A few months after the Lord won me to Himself, He made it possible for me to attend Bible Studies with the other “Jesus People” from high school. These Bible studies, led by a 30-something seminary graduate named Kent Philpott, brought together high school kids, street people (many of whom were former drug addicts), college kids, seminary students and a few adults in their 40’s and 50’s.
In 1971, the Jesus Movement had reached its pinnacle, and our strange collection of people rode that wave with zeal. We believed the Bible, evangelized with zeal and embraced the Charismatic gifts of tongues, healing and prophecy. (Kent’s book, Memoirs of a Jesus Freak, chronicles our group’s ups and downs.)
Giving a detailed narration of my time in Kent’s group would slow this autobiographical series down to a crawl, and I’d surely lose sight of my objective in writing it. As we look at my two-and-a-half years as a high school student in that group (I graduated from high school three months before turning 20), I want to make a few observations on the one negative and two positive spiritual foundations the group laid in my life.
Sadly, we all ascribed (in varying degrees) to Charismatic theology. Kent was more restrained than the rest of us, though he still believes a few things that I no longer accept. So, although he did make some efforts to keep us focused on Jesus rather than Charismatic manifestations, he didn’t teach that the sign gifts ended when the apostles died.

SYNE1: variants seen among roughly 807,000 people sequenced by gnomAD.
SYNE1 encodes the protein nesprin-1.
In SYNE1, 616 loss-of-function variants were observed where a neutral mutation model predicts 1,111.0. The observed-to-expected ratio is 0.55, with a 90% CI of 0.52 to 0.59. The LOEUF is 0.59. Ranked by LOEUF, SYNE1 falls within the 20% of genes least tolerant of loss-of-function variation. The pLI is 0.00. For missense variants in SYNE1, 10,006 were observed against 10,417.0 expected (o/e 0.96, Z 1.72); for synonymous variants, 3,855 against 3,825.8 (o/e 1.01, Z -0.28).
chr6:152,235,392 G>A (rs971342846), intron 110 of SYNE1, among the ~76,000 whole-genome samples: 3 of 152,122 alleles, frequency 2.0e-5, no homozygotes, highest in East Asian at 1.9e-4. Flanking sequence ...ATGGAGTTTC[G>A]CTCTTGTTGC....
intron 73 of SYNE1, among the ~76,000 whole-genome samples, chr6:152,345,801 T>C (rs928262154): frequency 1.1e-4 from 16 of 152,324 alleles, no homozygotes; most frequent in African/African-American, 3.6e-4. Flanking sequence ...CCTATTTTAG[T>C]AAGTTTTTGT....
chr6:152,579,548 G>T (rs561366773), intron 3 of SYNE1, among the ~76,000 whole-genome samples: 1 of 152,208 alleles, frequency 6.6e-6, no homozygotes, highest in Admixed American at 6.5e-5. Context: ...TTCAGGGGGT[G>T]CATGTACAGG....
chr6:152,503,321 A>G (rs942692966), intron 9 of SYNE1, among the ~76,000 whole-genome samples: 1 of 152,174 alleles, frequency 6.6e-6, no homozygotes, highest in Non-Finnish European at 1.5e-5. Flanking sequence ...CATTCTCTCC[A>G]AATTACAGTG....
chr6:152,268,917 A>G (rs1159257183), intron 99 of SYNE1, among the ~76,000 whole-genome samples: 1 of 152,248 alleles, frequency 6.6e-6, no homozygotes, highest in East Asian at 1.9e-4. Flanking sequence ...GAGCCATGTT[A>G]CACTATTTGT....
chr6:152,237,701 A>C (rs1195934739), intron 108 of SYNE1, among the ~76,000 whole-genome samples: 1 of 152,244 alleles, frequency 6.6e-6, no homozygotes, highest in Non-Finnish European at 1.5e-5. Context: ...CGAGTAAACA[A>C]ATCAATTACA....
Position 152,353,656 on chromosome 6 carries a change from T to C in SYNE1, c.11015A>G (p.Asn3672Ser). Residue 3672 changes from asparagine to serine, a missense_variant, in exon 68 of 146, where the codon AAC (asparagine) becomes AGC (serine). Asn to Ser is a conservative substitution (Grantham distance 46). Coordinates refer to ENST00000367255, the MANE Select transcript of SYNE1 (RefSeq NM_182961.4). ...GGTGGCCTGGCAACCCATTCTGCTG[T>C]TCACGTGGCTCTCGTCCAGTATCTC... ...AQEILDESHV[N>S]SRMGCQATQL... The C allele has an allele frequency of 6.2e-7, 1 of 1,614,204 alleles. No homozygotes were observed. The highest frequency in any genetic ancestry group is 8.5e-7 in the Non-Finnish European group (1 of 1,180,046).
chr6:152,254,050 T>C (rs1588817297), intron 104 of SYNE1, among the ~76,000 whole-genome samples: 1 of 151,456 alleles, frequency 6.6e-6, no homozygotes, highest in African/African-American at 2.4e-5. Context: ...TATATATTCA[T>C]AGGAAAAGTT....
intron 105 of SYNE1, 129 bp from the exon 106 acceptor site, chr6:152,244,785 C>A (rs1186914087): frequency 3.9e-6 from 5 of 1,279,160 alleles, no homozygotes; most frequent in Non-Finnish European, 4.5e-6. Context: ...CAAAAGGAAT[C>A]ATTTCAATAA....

The “gift of tongues” seemed to distinguish people as having a deeper level of spirituality. I tried hard to speak in tongues for two years before I “received my prayer language.” What a relief when, the week after I graduated from high school, I finally started making sounds that resembled a bad, and infantile, version of Hindi.
During my high school years, the majority of us actively sought my physical healing, pretty much to the point of obsession. That part of my story will require its own blog post, but I mention it here to demonstrate the degree of influence Charismatic thought had over us.
Like most Charismatics, we minimized the importance of doctrine, seeking fellowship with all Trinitarian denominations…including Catholics.
But I said there were two positive aspects to the group. Firstly, we heavily emphasized telling the unsaved the Gospel. Kent made sure we that we always included Jesus’ death and resurrection, as well as the need for repentance and faith, in our evangelism efforts.
Back then, I evangelized constantly, having no fear of offending people. My joy and excitement that Jesus offered salvation to anyone who believed in Him caused me to approach even the roughest kids on campus with the good news that Jesus died for them. Yes, I was obnoxious, and usually depended on myself to persuade people (which never worked), but I miss having such boldness. I pray daily for the Lord to restore my zeal for evangelism.
The best thing about Kent’s Bible Studies was his verse-by-verse exposition of Scripture and his insistence on its authority. He taught me to love studying God’s Word. That desire to understand it properly may have gotten obscured at times, but it never died.
Those Bible Studies taught me to love Scripture, and to evaluate everything by it. I praise the Lord for His sovereignty in making sure Kent taught me to have a high view of Scripture. That foundation kept me anchored through a lot of error as I navigated through young adulthood and middle age. God proved Himself faithful!